Richard Sahn, a professor of sociology in Pennsylvania, is a free-thinker.

13 thoughts on “Anomie and Postmodernism

  1. To me, postmodernism is too atomistic and esoteric to provide much relief from anomie. Most people, I think, are not going to get much comfort from the idea that their pain and confusion aren’t “real” because reality itself is a construct.

    Instead of offering comfort, might postmodernism actually contribute to anomie? Humans have been called the social animal. People crave a sense of belonging, a sense of purpose, a schema in which they can fit themselves and that provides meaning. Postmodernism provides nothing solid, no schema, but perhaps I’m too rational or too stuck in the matrix.

    It’s all those years of watching “Star Trek” and admiring the cool rationality of Mr. Spock …

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  2. In the movie Star Trek IV, the crew of the Enterprise heads home to Earth from Vulcan in a captured Klingon spacecraft. To help pass the time in transit, Dr McCoy attempts to have a philosophical conversation with Mr Spock, still recovering from his “death” on the Genesis planet in Star Trek II followed by his resurrection and re-education (re-programming) in Star Trek III. Things to not go well — metaphysically speaking — because Mr Spock repeatedly misses the import of Dr McCoy’s idiomatic, metaphorical references.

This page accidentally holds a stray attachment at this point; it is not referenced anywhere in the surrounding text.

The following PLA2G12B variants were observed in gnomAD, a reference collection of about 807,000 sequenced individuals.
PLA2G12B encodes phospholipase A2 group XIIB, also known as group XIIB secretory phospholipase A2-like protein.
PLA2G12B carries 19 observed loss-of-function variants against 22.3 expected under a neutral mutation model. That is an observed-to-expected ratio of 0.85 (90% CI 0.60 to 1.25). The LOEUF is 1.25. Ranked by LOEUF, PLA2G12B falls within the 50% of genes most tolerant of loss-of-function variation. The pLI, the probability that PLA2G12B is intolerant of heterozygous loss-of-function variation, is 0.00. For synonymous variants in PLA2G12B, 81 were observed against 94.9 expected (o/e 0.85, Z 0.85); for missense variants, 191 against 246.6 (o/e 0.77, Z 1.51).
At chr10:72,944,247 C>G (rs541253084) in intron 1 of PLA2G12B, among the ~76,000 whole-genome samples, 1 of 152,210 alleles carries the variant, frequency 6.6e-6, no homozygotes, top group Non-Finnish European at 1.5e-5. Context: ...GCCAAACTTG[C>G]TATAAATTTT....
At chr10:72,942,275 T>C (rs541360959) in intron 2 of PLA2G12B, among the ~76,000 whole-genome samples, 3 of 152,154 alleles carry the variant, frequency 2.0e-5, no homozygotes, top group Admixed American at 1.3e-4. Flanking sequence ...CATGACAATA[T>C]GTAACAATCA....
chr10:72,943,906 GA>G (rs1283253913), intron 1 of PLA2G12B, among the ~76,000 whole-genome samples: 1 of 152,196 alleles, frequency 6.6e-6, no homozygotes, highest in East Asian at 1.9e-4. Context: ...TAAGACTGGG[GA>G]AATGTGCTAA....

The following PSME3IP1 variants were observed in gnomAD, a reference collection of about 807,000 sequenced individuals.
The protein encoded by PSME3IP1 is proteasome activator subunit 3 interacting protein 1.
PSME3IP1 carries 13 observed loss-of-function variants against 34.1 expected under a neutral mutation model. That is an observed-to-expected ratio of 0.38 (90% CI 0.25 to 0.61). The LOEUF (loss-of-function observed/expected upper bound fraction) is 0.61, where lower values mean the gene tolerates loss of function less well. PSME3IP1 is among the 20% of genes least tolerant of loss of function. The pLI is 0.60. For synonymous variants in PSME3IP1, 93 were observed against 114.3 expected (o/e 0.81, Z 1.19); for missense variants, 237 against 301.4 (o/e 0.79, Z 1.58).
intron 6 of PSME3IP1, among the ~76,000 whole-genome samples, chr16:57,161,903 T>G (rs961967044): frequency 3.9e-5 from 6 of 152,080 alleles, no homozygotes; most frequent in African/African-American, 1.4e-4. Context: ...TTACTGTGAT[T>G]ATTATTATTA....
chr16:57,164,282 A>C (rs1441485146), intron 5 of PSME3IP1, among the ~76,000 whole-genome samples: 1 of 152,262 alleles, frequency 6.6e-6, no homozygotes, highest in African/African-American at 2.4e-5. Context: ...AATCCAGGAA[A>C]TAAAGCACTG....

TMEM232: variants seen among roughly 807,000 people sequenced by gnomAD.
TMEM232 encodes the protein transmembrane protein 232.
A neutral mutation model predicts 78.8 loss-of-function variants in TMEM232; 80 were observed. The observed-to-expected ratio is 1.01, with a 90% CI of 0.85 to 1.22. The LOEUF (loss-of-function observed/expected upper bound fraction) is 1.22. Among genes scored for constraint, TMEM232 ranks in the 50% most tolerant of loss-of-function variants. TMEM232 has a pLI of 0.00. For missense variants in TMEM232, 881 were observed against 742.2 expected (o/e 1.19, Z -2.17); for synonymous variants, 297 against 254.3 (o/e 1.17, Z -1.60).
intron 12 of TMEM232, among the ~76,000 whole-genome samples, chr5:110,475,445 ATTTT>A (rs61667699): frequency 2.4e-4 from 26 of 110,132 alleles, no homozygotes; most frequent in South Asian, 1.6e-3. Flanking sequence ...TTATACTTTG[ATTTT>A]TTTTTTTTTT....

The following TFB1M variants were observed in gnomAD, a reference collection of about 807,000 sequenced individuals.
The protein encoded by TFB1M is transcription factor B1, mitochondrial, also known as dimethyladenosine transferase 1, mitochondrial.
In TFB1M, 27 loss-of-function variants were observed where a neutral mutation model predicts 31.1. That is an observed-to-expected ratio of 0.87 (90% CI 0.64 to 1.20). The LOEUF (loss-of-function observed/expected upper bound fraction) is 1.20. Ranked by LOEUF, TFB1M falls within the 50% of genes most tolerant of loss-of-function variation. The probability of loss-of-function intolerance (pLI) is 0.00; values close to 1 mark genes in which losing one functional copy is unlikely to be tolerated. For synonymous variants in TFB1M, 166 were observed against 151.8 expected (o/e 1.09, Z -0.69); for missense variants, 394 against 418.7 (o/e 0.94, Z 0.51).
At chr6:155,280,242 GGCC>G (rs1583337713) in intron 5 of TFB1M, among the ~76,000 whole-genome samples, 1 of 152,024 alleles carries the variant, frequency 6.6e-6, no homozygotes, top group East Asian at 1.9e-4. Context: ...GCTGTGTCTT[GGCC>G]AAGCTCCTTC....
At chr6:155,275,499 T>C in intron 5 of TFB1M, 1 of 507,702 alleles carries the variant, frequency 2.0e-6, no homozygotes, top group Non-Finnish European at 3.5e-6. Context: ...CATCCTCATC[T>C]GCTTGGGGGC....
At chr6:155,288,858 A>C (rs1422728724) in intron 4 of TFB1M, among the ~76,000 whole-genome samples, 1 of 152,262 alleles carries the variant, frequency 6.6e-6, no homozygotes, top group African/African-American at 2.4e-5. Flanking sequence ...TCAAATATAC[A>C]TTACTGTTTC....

Mr Spock: “I’m receiving a number of distress calls.”

    Dr McCoy: “I don’t doubt it.”

    Meanwhile, back on Earth, an alien probe has begun to vaporize the oceans by directing a high energy beam at them, apparently expecting some sort of reply and not getting one.

    Federation High Commissioner: “There does not seem to be any way to answer this probe.”

    Vulcan Ambassador Sarek (Spock’s father): “It is difficult to answer when one does not understand the question.”

    I don’t know. Somehow, the subject of this thread — “postmodernism” (“after” + “modernism”?) and the sociology of aimless boredom — stimulated my addled brain to free-associate, resulting in my receiving a number of distress calls …

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    1. Distress Call #1:

      “There is no ‘IS’ there.”